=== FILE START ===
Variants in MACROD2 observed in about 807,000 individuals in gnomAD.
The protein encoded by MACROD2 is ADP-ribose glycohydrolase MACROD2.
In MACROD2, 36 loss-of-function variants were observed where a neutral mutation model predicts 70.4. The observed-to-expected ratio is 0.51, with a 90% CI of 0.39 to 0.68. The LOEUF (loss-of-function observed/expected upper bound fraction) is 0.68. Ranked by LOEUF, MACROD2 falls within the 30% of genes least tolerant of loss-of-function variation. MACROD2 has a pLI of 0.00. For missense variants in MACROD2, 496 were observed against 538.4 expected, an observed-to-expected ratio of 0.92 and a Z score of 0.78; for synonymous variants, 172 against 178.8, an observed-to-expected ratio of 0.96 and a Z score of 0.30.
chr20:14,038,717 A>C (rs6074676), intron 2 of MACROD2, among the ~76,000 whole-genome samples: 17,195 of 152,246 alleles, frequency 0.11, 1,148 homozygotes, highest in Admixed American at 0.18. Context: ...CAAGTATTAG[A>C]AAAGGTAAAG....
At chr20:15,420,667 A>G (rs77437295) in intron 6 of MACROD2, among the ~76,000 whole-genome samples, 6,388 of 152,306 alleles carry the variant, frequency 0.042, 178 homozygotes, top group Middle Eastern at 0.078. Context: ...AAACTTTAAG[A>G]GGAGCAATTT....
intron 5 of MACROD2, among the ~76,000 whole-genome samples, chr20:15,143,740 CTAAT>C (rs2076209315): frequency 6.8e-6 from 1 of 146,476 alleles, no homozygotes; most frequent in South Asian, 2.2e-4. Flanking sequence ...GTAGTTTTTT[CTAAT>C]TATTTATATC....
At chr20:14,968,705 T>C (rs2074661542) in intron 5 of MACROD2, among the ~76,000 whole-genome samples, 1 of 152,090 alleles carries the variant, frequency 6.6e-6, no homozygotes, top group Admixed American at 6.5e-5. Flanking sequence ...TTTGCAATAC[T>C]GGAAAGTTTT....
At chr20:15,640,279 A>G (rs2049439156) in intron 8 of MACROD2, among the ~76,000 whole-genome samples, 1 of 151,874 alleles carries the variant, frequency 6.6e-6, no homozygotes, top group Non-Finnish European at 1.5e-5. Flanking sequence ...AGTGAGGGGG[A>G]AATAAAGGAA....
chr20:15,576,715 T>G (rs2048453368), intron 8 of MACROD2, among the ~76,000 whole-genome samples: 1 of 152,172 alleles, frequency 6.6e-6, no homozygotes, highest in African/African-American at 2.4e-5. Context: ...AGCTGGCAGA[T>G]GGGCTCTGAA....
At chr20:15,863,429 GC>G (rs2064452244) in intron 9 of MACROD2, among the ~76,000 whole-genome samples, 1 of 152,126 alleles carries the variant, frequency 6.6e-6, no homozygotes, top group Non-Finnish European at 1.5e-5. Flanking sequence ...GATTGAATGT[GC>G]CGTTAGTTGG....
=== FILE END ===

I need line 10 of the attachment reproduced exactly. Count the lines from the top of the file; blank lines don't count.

At chr20:15,863,429 GC>G (rs2064452244) in intron 9 of MACROD2, among the ~76,000 whole-genome samples, 1 of 152,126 alleles carries the variant, frequency 6.6e-6, no homozygotes, top group Non-Finnish European at 1.5e-5. Flanking sequence ...GATTGAATGT[GC>G]CGTTAGTTGG....